Thursday, April 2, 2015

Day 2: Laundry


Death and taxes are all:
our sure things,
all we can count on.
But in an unremarked place,
closeted in a corner of the house,
the piles never stop:
the hamper teems,
reds and greens and blues
rise over the top,
stale sweat of two sons
lifting into the air.
Load after load,
the dark and the light,
the hot and the cold.
Wash, dry, fold,
And that magical moment
the bottom of the hamper
reveals itself,
every article folded,
put away, hidden,
we celebrate—
till the next first lone sock
drops in,
then another,
and the piles grow again.


Thoreau wrote in Walden that "[t]he mass of men lead lives of quiet desperation."  That desperation stems not from timeline kinds of events but from the mundane, the slow drips in our lives that never stop, no matter how much we try to fix our faucets.  It may be something different for everyone: a work routine, home tasks, constant blood testing, or anything else.  At times we find solace in routine, but at other times we just wish it would stop, if only for a day.

This poem plays in that space.  A choice I made here was to keep it in one connected piece rather than breaking it into stanzas.  Given time the poem-a-day task does not afford, I may choose differently and restructure it, but I thought this fit well with the notion of a constant task.  I chose laundry, but metaphorically speaking the poem could refer to just about anything, any piece of life that builds and continues ad infinitum, no matter how much effort we put into it.  I built some subtle (or so I intended it to be!) repetition to reinforce further that theme.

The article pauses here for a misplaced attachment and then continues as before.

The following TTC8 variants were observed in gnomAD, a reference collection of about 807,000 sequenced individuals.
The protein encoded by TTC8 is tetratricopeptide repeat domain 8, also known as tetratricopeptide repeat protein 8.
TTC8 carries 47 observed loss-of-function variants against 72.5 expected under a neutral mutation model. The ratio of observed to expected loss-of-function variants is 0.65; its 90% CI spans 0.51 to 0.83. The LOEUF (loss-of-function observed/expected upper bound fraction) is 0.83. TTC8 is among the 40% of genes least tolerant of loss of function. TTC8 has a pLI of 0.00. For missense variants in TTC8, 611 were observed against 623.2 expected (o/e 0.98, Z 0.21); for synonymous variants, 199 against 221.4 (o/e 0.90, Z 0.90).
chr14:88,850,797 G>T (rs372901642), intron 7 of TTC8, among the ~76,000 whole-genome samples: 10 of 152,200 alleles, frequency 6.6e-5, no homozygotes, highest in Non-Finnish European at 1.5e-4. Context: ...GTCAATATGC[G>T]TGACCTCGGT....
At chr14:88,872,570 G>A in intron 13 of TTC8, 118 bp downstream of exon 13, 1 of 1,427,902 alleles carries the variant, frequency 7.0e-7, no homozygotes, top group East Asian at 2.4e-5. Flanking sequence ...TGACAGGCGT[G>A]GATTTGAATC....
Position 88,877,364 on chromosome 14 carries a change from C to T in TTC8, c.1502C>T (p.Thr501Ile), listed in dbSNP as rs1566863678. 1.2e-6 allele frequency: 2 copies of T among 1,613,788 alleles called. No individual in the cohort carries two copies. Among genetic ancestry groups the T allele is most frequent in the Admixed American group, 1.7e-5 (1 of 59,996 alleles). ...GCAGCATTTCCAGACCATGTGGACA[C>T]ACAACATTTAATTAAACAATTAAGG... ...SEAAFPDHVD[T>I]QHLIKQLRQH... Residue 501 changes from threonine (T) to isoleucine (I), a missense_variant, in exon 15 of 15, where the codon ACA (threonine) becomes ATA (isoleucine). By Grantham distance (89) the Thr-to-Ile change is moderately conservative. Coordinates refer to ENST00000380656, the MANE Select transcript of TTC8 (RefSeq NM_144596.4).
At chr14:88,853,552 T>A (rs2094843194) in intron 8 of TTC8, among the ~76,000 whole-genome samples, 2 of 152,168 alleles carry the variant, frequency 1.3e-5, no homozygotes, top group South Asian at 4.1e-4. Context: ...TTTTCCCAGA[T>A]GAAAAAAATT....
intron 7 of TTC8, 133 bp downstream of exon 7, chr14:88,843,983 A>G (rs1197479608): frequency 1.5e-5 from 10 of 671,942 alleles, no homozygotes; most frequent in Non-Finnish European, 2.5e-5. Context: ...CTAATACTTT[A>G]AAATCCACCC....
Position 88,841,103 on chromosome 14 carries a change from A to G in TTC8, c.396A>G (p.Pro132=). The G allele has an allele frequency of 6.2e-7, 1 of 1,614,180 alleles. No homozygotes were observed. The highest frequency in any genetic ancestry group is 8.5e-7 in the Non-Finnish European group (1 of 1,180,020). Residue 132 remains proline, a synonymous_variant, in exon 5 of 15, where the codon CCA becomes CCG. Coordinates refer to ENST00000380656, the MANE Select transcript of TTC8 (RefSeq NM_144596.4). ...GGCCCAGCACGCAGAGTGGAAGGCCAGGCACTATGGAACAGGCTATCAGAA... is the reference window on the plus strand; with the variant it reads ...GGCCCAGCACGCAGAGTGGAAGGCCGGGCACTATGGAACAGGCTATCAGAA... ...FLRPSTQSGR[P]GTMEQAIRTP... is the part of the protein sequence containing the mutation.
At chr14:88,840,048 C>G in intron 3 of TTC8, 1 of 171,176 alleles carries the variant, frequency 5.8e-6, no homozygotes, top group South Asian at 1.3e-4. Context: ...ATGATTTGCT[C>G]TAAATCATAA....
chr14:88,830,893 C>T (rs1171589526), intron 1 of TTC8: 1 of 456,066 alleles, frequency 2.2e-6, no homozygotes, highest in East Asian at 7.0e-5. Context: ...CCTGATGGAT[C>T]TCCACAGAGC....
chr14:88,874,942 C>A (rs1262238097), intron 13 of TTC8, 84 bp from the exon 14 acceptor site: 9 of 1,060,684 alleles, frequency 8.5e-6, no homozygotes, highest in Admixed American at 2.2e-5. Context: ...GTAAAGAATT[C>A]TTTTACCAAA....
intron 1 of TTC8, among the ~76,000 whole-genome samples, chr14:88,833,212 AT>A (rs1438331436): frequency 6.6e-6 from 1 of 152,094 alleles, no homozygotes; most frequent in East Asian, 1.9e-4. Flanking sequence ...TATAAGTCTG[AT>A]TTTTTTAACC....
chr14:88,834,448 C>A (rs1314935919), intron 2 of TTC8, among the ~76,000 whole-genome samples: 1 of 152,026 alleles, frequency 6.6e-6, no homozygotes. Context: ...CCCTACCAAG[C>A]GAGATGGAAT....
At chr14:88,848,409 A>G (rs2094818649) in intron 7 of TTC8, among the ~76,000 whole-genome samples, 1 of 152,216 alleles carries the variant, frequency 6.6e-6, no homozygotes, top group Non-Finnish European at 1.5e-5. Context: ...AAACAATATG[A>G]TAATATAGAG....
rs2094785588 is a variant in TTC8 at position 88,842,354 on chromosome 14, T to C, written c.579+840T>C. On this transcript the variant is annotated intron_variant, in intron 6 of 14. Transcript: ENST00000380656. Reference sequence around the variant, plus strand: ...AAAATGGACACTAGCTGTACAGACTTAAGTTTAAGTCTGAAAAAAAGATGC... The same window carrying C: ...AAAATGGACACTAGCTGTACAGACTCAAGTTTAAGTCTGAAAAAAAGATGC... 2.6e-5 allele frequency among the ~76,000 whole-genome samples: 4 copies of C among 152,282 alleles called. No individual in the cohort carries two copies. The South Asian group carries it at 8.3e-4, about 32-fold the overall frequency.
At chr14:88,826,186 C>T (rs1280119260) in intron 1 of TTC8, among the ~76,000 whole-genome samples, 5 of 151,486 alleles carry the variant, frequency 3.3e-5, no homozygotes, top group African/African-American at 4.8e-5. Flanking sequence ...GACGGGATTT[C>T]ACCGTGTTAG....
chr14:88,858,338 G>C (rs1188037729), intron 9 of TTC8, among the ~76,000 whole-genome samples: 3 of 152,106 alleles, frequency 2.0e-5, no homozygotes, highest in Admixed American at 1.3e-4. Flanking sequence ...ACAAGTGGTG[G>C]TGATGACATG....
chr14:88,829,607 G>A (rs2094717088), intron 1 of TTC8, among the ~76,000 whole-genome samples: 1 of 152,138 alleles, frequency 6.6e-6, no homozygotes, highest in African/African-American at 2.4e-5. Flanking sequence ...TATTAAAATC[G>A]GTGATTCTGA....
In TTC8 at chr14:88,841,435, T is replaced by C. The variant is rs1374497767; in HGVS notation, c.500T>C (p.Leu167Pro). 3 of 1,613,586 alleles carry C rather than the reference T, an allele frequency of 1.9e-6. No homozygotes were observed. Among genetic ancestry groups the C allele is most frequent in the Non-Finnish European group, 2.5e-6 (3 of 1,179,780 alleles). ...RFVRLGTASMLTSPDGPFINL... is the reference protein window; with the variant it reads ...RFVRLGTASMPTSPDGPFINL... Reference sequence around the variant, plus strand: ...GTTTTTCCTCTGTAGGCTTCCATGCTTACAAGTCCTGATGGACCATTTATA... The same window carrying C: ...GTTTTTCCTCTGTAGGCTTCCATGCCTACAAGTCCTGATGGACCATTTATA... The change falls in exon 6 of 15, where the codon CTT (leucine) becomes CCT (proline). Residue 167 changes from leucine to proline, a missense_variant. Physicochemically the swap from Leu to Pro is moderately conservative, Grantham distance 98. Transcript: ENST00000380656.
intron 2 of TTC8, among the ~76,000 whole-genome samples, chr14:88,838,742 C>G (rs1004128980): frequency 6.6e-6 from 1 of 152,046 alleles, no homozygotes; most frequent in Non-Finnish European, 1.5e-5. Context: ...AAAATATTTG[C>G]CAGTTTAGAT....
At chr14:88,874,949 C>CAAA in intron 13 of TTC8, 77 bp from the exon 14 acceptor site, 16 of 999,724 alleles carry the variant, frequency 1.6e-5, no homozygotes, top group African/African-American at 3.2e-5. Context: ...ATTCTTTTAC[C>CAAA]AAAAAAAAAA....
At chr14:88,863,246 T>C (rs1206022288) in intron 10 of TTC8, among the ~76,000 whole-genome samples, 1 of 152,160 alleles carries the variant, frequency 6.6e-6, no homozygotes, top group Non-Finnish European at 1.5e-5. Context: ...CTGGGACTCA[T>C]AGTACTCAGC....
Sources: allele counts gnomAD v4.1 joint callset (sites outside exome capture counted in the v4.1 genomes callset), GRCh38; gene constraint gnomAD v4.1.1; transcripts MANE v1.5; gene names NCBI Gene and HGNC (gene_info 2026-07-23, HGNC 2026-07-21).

1. Death, taxes, and laundry 😊. You prove poems aren't just about death and love. There are so many great images-hamper teems, stale sweat of sons, and the lone sock. The word unremarked bothers me...

  2. Thank you Sue! I agree on "unremarked," something that will certainly slip out of the revised version. I think death and love have yielded some great poetry, and reams of other poetry too. I like finding territory less fully explored.

  3. "stale sweat of two sons" glorious